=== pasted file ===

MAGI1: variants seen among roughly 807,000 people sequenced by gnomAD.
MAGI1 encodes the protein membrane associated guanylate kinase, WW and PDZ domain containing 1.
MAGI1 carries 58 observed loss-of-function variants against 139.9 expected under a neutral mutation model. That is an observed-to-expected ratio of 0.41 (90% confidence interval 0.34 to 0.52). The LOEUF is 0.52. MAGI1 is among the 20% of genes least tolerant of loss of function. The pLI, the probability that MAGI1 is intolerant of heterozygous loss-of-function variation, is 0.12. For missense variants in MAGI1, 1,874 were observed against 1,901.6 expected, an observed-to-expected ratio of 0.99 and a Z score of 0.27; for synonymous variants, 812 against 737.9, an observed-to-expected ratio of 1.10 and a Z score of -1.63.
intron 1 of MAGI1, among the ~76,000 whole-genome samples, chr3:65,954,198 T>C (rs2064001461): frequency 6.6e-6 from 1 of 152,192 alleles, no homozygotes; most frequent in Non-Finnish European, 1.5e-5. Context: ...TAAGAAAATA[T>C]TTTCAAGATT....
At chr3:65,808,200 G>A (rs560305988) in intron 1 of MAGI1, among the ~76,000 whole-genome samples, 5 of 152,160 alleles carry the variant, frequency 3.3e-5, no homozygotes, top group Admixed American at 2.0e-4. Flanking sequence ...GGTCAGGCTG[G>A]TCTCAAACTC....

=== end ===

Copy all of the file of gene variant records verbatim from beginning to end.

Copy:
MAGI1: variants seen among roughly 807,000 people sequenced by gnomAD.
MAGI1 encodes the protein membrane associated guanylate kinase, WW and PDZ domain containing 1.
MAGI1 carries 58 observed loss-of-function variants against 139.9 expected under a neutral mutation model. That is an observed-to-expected ratio of 0.41 (90% confidence interval 0.34 to 0.52). The LOEUF is 0.52. MAGI1 is among the 20% of genes least tolerant of loss of function. The pLI, the probability that MAGI1 is intolerant of heterozygous loss-of-function variation, is 0.12. For missense variants in MAGI1, 1,874 were observed against 1,901.6 expected, an observed-to-expected ratio of 0.99 and a Z score of 0.27; for synonymous variants, 812 against 737.9, an observed-to-expected ratio of 1.10 and a Z score of -1.63.
intron 1 of MAGI1, among the ~76,000 whole-genome samples, chr3:65,954,198 T>C (rs2064001461): frequency 6.6e-6 from 1 of 152,192 alleles, no homozygotes; most frequent in Non-Finnish European, 1.5e-5. Context: ...TAAGAAAATA[T>C]TTTCAAGATT....
At chr3:65,808,200 G>A (rs560305988) in intron 1 of MAGI1, among the ~76,000 whole-genome samples, 5 of 152,160 alleles carry the variant, frequency 3.3e-5, no homozygotes, top group Admixed American at 2.0e-4. Flanking sequence ...GGTCAGGCTG[G>A]TCTCAAACTC....